Taiwan rounds up alleged China spy ring
Taipei, May 11. (AP): Taiwan has arrested 17 military officers and civilians on suspicion of passing military secrets to rival China, the island's military said Wednesday.
Senior officers said information leaked from the Ministry of National Defense included details about Chinese military exercises, but not more sensitive information about missile systems or secret codes.
A ministry statement said the key figure in the alleged spy ring was Maj. Chuang Poh-hsing, who worked in a unit of the ministry's electronic information department that was believed to handle sensitive missile systems data.
"The documents he leaked included information about annual military exercises by China's navy and air force, ... but no missile, radar, or secret information codes," Lt. Gen. Li Hsiang-chou, the department's chief, told reporters.
The information about China's exercises would be of interest to Beijing because it could indicate what Taiwan knew about China's military capabilities, the military said.
Chuang was believed to have had no access to the department's most sensitive information because he had been employed there for only one year at a low security level, Li said.
Chuang, who worked at the department's office in the Taipei suburb of Linkou, allegedly handed the information to a retired officer, Huang Yao-chung, the ministry said. Huang was among those arrested Tuesday.
Investigators said they uncovered the spy ring after the coast guard found that a suspect arrested last September for smuggling guns and drugs was also involved in passing confidential information to China and making false credit cards.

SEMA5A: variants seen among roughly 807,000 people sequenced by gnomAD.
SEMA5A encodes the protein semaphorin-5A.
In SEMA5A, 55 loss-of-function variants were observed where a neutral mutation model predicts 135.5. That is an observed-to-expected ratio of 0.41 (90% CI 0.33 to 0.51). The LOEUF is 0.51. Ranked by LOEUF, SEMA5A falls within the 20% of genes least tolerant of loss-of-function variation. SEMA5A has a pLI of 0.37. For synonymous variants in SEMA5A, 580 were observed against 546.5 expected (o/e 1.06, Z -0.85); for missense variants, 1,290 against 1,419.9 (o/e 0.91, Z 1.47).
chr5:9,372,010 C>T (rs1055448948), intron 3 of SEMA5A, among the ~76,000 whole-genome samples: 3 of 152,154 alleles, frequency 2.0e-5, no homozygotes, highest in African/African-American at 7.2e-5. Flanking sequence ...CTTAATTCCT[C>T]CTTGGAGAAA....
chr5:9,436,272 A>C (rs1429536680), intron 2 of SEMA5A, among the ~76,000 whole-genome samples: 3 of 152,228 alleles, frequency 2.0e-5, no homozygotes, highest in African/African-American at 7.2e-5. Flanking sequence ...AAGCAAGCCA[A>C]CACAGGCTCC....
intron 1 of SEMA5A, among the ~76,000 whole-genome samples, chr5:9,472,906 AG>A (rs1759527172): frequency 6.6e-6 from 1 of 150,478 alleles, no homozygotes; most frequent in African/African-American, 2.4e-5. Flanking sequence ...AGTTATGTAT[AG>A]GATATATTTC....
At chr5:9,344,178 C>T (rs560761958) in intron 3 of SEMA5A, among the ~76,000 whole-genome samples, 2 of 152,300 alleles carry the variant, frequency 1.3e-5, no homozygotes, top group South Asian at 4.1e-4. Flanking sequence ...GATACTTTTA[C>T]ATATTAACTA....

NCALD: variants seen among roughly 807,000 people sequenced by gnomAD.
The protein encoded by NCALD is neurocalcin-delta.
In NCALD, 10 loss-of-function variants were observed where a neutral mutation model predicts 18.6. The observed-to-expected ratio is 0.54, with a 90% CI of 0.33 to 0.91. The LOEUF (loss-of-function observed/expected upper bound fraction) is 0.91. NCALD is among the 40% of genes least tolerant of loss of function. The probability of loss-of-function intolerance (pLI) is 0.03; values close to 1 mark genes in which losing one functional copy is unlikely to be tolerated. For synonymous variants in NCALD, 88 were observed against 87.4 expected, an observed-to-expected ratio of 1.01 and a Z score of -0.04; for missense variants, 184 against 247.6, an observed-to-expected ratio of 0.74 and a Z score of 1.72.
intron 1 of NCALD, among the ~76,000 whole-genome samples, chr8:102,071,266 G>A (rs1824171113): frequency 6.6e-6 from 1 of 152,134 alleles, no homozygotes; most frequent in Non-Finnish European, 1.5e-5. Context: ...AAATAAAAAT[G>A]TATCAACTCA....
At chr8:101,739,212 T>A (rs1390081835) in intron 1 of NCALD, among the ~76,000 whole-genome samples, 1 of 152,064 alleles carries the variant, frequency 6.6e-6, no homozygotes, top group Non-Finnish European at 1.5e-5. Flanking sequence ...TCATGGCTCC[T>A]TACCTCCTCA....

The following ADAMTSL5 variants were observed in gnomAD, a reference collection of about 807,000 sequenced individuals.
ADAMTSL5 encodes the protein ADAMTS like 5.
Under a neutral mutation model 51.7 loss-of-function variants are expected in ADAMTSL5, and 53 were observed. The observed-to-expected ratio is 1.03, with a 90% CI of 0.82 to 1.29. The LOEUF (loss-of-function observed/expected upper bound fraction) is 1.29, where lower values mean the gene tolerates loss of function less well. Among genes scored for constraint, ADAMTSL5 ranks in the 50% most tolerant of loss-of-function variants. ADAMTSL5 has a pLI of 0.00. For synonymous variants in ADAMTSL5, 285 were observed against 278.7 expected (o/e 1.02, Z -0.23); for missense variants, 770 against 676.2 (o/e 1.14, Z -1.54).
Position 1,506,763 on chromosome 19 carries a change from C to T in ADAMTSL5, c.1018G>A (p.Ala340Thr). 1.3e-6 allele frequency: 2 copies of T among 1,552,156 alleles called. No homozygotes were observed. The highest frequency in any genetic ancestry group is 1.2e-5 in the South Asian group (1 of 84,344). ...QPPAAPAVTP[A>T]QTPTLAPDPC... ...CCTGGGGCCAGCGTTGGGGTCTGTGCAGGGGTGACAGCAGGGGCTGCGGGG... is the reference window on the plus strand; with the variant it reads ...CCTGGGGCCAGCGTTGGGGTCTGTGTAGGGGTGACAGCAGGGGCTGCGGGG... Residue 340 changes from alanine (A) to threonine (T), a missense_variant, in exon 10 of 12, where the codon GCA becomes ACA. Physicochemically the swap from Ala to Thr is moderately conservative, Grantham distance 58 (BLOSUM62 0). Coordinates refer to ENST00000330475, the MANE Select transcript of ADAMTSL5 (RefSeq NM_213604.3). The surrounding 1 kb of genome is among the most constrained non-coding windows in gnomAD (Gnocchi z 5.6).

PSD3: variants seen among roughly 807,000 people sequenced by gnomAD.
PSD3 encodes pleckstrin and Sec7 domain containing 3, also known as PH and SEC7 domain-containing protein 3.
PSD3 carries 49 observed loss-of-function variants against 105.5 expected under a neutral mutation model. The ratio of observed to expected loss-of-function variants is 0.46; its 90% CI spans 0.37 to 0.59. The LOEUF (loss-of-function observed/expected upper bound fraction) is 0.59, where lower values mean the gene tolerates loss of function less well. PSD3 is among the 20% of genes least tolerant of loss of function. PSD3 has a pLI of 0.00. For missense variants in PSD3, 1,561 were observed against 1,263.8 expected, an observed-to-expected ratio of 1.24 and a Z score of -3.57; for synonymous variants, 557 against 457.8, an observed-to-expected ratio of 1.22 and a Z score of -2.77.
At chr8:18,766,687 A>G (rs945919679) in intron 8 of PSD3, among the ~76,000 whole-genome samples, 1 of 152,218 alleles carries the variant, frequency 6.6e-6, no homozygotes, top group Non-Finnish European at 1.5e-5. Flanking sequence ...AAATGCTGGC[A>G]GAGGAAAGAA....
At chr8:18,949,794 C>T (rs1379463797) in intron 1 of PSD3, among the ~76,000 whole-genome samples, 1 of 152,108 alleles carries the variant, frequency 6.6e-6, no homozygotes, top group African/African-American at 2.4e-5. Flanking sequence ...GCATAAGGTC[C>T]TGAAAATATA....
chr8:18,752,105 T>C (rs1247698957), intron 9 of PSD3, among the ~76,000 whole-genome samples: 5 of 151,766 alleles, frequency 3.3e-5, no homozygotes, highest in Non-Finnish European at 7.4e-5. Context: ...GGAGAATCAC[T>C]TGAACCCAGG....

The leader of the credit card forgers, Su Tung-hung, was among the other suspects arrested Tuesday, when more than 200 investigators searched 20 locations and found dozens of secret documents, as well as more than 100 million New Taiwan dollars' (US$3 million) worth of machinery used to produce fake cards, the Ministry of Justice said.
One of the premises searched was Chuang's home, where investigators found suspicious documents, Li said.
Taiwan and China frequently announce the arrest and conviction of alleged spies and are believed to be running extensive spy networks on the other's territory.
The sides split at the end of a civil war more than five decades ago, but Beijing still threatens military force should the island move toward declaring formal independence.
Taiwan's defense ministry said it would boost security to "effectively track down and attack any illegal leaking of secrets, and block the infiltration of intelligence-gathering channels by Communist China."
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